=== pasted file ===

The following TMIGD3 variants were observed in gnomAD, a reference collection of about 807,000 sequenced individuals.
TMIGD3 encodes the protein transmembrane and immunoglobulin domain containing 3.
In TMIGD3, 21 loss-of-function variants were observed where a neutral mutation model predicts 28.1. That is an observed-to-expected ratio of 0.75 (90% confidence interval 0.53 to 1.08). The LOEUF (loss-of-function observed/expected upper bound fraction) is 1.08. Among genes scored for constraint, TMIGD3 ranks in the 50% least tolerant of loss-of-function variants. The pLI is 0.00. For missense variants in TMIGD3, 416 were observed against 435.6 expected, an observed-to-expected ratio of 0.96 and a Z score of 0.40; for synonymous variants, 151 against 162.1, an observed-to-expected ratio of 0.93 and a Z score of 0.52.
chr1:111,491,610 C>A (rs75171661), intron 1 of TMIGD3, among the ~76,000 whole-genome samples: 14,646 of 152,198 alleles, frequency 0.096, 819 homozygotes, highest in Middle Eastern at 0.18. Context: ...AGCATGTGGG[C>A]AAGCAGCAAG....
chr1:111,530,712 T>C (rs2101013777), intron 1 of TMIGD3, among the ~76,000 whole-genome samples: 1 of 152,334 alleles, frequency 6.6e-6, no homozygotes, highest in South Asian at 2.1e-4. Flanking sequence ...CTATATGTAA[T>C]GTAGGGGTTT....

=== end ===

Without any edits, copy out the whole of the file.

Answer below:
The following TMIGD3 variants were observed in gnomAD, a reference collection of about 807,000 sequenced individuals.
TMIGD3 encodes the protein transmembrane and immunoglobulin domain containing 3.
In TMIGD3, 21 loss-of-function variants were observed where a neutral mutation model predicts 28.1. That is an observed-to-expected ratio of 0.75 (90% confidence interval 0.53 to 1.08). The LOEUF (loss-of-function observed/expected upper bound fraction) is 1.08. Among genes scored for constraint, TMIGD3 ranks in the 50% least tolerant of loss-of-function variants. The pLI is 0.00. For missense variants in TMIGD3, 416 were observed against 435.6 expected, an observed-to-expected ratio of 0.96 and a Z score of 0.40; for synonymous variants, 151 against 162.1, an observed-to-expected ratio of 0.93 and a Z score of 0.52.
chr1:111,491,610 C>A (rs75171661), intron 1 of TMIGD3, among the ~76,000 whole-genome samples: 14,646 of 152,198 alleles, frequency 0.096, 819 homozygotes, highest in Middle Eastern at 0.18. Context: ...AGCATGTGGG[C>A]AAGCAGCAAG....
chr1:111,530,712 T>C (rs2101013777), intron 1 of TMIGD3, among the ~76,000 whole-genome samples: 1 of 152,334 alleles, frequency 6.6e-6, no homozygotes, highest in South Asian at 2.1e-4. Flanking sequence ...CTATATGTAA[T>C]GTAGGGGTTT....